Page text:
2 minutes reading time (370 words)

Healing Walk


Currently in Nebraska, I am participating in the Ancestral Healing Walk from Rosebud, SD to Ft Laramie, WY culminating April 29th when we process into the Oceti Sakowin (Seven Council Fires) treaty camp that will be gathering at the fort. It is a remembrance of the 150th anniversary of the signing of the 1868 Treaty with US government and Native American tribes. I write this as we begin the 11th day and 200+ miles of walking this beautiful land - for forgiveness of the actions of past generations that have so greatly impacted our US history and the continued healing for those who walk in the footsteps of their ancestors. I walk with the descendants of General William Harney and Little Thunder family.

As we began the walk, I witnessed a special ancient Lakota “Hunka” ceremony in which these Little Thunder descendants ‘adopted’ the man whose ancestor was responsible for taking the lives of their ancestors. “The ceremony binds each to his Hunka by ties of fidelity stronger than friendship, brotherhood, or family.” I was moved to tears by their tenderness and humility; I’ve watched these people journey these past few years, from fear of meeting one another to embracing one another and their shared history.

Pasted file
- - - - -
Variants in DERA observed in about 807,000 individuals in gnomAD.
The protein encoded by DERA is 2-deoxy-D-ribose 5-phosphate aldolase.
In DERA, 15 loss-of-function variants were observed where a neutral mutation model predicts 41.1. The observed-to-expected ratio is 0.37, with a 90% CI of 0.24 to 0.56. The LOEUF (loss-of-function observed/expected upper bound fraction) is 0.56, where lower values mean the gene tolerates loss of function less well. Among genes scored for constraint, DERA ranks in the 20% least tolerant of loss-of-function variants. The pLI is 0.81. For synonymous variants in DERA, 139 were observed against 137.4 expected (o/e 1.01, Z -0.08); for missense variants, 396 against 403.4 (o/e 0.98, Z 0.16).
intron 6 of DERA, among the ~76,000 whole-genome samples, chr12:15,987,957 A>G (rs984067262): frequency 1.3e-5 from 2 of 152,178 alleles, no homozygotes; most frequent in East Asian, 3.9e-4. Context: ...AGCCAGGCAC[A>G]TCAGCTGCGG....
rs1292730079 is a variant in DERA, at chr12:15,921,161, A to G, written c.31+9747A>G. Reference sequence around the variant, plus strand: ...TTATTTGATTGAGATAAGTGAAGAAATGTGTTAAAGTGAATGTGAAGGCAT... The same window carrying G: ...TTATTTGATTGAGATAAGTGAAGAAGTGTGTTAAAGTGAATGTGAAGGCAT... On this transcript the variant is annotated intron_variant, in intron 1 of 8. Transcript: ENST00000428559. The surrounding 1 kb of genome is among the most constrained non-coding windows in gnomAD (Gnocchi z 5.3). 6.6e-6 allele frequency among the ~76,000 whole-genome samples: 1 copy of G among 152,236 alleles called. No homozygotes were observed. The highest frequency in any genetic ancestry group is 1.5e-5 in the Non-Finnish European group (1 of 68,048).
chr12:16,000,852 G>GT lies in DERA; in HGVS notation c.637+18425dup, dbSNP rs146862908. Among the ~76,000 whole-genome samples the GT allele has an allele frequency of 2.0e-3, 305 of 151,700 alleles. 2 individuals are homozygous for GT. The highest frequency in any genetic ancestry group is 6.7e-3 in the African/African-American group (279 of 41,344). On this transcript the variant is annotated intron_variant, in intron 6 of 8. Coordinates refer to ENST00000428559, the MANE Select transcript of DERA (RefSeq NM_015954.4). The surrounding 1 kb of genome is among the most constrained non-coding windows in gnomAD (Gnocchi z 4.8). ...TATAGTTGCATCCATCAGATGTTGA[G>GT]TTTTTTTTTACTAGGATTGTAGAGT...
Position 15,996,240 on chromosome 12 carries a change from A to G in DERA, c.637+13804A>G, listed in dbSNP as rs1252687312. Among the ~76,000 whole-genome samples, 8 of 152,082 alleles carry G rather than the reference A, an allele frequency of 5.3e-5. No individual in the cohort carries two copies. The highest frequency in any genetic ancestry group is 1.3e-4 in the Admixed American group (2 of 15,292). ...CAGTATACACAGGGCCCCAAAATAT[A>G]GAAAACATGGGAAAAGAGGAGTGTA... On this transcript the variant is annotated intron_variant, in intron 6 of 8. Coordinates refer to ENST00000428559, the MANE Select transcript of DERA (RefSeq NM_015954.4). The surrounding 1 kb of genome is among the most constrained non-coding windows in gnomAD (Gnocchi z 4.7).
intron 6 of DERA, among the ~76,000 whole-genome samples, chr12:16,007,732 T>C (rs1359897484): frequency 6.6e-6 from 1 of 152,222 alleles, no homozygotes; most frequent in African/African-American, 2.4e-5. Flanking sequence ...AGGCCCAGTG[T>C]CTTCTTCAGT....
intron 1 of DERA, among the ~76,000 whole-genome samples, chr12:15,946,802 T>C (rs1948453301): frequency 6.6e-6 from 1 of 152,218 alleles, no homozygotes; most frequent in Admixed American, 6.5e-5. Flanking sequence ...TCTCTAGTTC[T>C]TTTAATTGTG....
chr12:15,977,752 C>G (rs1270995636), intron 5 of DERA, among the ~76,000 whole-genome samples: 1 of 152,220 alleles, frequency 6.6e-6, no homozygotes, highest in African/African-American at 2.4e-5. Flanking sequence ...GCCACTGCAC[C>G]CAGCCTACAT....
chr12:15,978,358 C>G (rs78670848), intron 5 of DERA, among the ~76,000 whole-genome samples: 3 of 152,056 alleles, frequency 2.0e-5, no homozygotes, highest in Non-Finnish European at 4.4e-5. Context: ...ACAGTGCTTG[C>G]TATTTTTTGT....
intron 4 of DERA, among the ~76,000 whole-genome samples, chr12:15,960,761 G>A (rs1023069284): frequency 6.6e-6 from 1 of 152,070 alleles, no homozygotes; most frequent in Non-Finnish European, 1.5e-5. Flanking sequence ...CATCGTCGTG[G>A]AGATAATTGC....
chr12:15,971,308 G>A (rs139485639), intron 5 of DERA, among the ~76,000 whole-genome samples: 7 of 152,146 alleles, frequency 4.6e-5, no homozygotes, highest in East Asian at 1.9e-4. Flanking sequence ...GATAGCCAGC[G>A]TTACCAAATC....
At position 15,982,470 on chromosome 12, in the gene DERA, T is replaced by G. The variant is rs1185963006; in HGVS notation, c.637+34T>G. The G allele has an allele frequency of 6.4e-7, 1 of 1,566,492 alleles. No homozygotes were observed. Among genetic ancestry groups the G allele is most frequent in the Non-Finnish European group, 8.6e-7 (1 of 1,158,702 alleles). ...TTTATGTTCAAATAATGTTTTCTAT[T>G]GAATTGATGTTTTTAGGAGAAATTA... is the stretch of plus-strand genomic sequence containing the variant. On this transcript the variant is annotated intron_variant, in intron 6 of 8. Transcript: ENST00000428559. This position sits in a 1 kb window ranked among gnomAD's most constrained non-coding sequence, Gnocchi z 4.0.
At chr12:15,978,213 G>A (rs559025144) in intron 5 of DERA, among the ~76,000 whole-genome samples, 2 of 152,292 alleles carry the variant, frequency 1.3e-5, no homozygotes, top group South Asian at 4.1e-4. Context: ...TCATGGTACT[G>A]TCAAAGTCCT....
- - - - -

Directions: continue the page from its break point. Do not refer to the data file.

We continue expanding this unique intergenerational community, beginning and ending each day’s walk in circle with prayer and gratitudes for the day, deepening our relationships with one another, and honoring those loved ones who are ill or have died while on this walk. We bond with pure intentions for goodness, appreciation of our diversity and compassion for the challenges each experiences. It is a beautiful and blessed experience to listen and to speak authentically with open hearts. We cannot change the past events in our lives. However, we do have the potential to re-educate our-selves about our past-
to bring new perspectives to old wounds, to recognize the truth in both sides of the story, to stand in the tension of both, and in the midst of those
feelings to find wholeness and holiness.
I have so much gratitude for this opportunity to walk and pray alongside these people I call family, bound by the weaving of story, prayer, and love.

Mitakuye oyasin
all my relations

Teacher Appreciation
Ancestral Gratitude

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